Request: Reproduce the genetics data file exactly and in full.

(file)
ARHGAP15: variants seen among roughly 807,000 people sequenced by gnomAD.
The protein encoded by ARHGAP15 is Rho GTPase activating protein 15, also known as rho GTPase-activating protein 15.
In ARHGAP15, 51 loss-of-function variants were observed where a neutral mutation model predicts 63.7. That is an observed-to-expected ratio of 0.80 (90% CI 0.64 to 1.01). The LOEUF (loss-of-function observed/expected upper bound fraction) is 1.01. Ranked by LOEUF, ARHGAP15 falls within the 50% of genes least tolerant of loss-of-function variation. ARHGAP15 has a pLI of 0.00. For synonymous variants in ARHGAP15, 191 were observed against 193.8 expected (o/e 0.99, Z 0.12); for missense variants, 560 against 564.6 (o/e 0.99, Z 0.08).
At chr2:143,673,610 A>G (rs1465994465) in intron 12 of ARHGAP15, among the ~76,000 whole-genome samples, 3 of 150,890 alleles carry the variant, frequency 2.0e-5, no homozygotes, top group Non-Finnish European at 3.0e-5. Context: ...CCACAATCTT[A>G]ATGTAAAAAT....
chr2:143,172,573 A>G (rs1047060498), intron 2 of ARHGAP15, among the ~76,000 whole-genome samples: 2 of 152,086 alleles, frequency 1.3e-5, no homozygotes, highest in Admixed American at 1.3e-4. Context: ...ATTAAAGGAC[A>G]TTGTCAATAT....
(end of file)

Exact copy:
ARHGAP15: variants seen among roughly 807,000 people sequenced by gnomAD.
The protein encoded by ARHGAP15 is Rho GTPase activating protein 15, also known as rho GTPase-activating protein 15.
In ARHGAP15, 51 loss-of-function variants were observed where a neutral mutation model predicts 63.7. That is an observed-to-expected ratio of 0.80 (90% CI 0.64 to 1.01). The LOEUF (loss-of-function observed/expected upper bound fraction) is 1.01. Ranked by LOEUF, ARHGAP15 falls within the 50% of genes least tolerant of loss-of-function variation. ARHGAP15 has a pLI of 0.00. For synonymous variants in ARHGAP15, 191 were observed against 193.8 expected (o/e 0.99, Z 0.12); for missense variants, 560 against 564.6 (o/e 0.99, Z 0.08).
At chr2:143,673,610 A>G (rs1465994465) in intron 12 of ARHGAP15, among the ~76,000 whole-genome samples, 3 of 150,890 alleles carry the variant, frequency 2.0e-5, no homozygotes, top group Non-Finnish European at 3.0e-5. Context: ...CCACAATCTT[A>G]ATGTAAAAAT....
chr2:143,172,573 A>G (rs1047060498), intron 2 of ARHGAP15, among the ~76,000 whole-genome samples: 2 of 152,086 alleles, frequency 1.3e-5, no homozygotes, highest in Admixed American at 1.3e-4. Context: ...ATTAAAGGAC[A>G]TTGTCAATAT....